As for Hecht, he was the first screenwriter to receive an Academy Award for Original Screenplay (for the film Underworld) and he is credited with the screenplays of some outstanding, highly rated pictures. He wrote the screenplay for Barbary Coast, Some Like It Hot, Gone With The Wind, and Wuthering Heights (all of those in the late 1930s). He also wrote...
Hecht was an active Zionist prior to the Nazi Holocaust and wrote many plays about the plight of Europe's Jewish community.
The child of Russian-Jewish immigrants, whose native language was Yiddish, Hecht had a short career as a child prodigy violinist. Hecht later worked as a war correspondent in Berlin for the Chicago Daily News. Meanwhile, given that his parents were immigrants, it seems a bit out of character for Hecht to have created characters like Tony (and some of his gangster cohorts) who were so obviously portrayed with the stereotype of slimy Italian mobsters whose trigger fingers were loose and easy when it came to killing hundreds of people in order to profit from the illegal sale of alcohol.
On the other hand, it is possible that Hecht's Russian-Jewish immigrant family had little respect for the Italians. Putting that era into historical perspective, Congress passed the "Emergency Quota Act" in 1921, followed by the Immigration Act of 1924. The Immigration Act of 1924 was aimed at further preventing the Southern and Eastern Europeans -- especially Jews, Italians and Slavs -- from entering the U.S. That legislation was written because in the ten years following 1900, about 200,000 Italians immigrated annually, which did not sit well with ethnic cultures that were already settled into the U.S. -- including Jewish citizens like Hecht. Hence, one can speculate that Hecht and Hawks portrayed the Italian gangsters in ways that were obviously intended to be demeaning and culturally slanderous.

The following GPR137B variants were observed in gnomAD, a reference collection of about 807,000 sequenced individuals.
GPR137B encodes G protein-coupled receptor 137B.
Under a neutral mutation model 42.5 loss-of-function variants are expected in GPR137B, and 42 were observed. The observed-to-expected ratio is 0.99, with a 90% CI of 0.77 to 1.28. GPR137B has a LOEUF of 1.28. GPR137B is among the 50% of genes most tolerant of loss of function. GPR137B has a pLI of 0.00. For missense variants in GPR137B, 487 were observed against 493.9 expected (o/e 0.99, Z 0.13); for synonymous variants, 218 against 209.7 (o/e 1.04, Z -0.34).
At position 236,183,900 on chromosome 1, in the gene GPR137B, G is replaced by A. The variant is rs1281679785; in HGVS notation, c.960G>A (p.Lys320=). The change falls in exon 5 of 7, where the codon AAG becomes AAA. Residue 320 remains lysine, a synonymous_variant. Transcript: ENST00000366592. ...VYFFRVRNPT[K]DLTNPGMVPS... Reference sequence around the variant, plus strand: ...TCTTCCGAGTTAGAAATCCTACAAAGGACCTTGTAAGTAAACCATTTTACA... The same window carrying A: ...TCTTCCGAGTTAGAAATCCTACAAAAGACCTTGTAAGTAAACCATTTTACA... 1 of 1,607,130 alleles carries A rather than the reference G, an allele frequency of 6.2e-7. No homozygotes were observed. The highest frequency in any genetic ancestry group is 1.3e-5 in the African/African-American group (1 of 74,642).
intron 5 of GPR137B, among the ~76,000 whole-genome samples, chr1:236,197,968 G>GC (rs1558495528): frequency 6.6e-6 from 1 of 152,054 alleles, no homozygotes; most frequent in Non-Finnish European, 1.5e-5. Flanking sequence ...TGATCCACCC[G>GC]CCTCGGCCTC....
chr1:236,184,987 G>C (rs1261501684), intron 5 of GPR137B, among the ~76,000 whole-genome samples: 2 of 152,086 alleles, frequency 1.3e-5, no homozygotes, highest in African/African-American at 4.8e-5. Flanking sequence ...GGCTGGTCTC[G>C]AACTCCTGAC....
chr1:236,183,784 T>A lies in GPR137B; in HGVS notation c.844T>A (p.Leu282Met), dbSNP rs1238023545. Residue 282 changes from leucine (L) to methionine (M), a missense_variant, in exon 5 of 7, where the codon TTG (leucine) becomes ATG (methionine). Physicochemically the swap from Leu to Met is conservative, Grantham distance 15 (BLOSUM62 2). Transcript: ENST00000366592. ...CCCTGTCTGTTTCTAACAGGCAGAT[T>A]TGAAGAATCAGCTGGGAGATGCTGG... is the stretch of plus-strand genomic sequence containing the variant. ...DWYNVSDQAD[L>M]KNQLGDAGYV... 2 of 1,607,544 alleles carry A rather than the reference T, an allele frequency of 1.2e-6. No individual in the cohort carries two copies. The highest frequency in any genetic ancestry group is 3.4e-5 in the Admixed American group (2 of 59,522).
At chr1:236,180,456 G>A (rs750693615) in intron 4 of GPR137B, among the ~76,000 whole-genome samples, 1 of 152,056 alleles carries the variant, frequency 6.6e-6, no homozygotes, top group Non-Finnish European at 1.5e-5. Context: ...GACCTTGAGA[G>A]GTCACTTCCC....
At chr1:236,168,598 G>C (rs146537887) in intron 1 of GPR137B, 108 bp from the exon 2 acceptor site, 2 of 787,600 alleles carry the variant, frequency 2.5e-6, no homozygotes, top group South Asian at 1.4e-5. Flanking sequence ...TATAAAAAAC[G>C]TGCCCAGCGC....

Further Perspective on Crime Film Themes / Settings
Author Philippa Gates writes in Detecting Men: Masculinity and the Hollywood Detective Film that detective fiction "coincided" with the emergence of the modern city police department. Echoing scholars who view Depression era gangster violence (Capone, et al.) as more of a "haves" vs. "have-nots" class war than patent insanity or murderous genes, Gates says both detective literature and police forces "…Can be traced to the anxieties of the literate, upper classes concerned with the threat to social order posed by the lower classes" (Gates, p. 56).
And although the 1932 version of Scarface did not follow Gates' description of the classical detective story -- "long, convoluted, and based more on dialogue than on action" -- the Scarface film did indeed benefit from "the birth of sound film in the second half of the 1920s."
On the subject of lower classes threatening the social order of a society, DePalma's version of Scarface (the screenplay was written by Oliver Stone) opens with "…ragged, noisy refugees marshaled by armed police power… [and] disgruntled arrivals in a littered, sun-baked compound…" (Salamon, 2000, p. 59). The camera pans over "rusty, overcrowded tubs docking" as the refugees arrive in South Florida, clearly establishing an underclass of Spanish-speaking immigrants who seem not to have arrived in the U.S. Of their own free will. But Linda Bradley Salamon, professor of English and Human Sciences at George Washington University, writes in the Journal of Popular Film and Television that while "setting alone does not create evil" clearly that pathetic refugee setting in Florida helps launch Tony Montana's "insatiable need to be stronger, higher, faster in comparison with envisioned rivals" (Salamon, p. 60).
The article by Salamon compares Scarface (1983) with Shakespeare's King Richard III, and there are interesting similarities that help in the understanding of character and place. Richard is born with "severe deformities" and has a mother who hated him from the start; Tony Montana, meanwhile, has a scar on his face and his mother "is hostile when he turns up in Florida, forbids him her house and wishes him gone" (Salamon, p. 61). And each of the characters, Richard and Tony, after acquiring "the boss's woman" proceed to ignore their prizes, Salamon continues. And what becomes more important to each character -- and by putting an Oliver Stone screenplay side-by-side with William Shakespeare Salamon is certainly making a strong literary statement -- is the "superior value" to both Richard and Tony of "a narcissistic form of male bonding" (Salamon, p. 61). Both characters prefer power and self-love to any sexual objects, and "both remain childless, barren of natural humanity" (Salamon, p. 61).
Another character that should…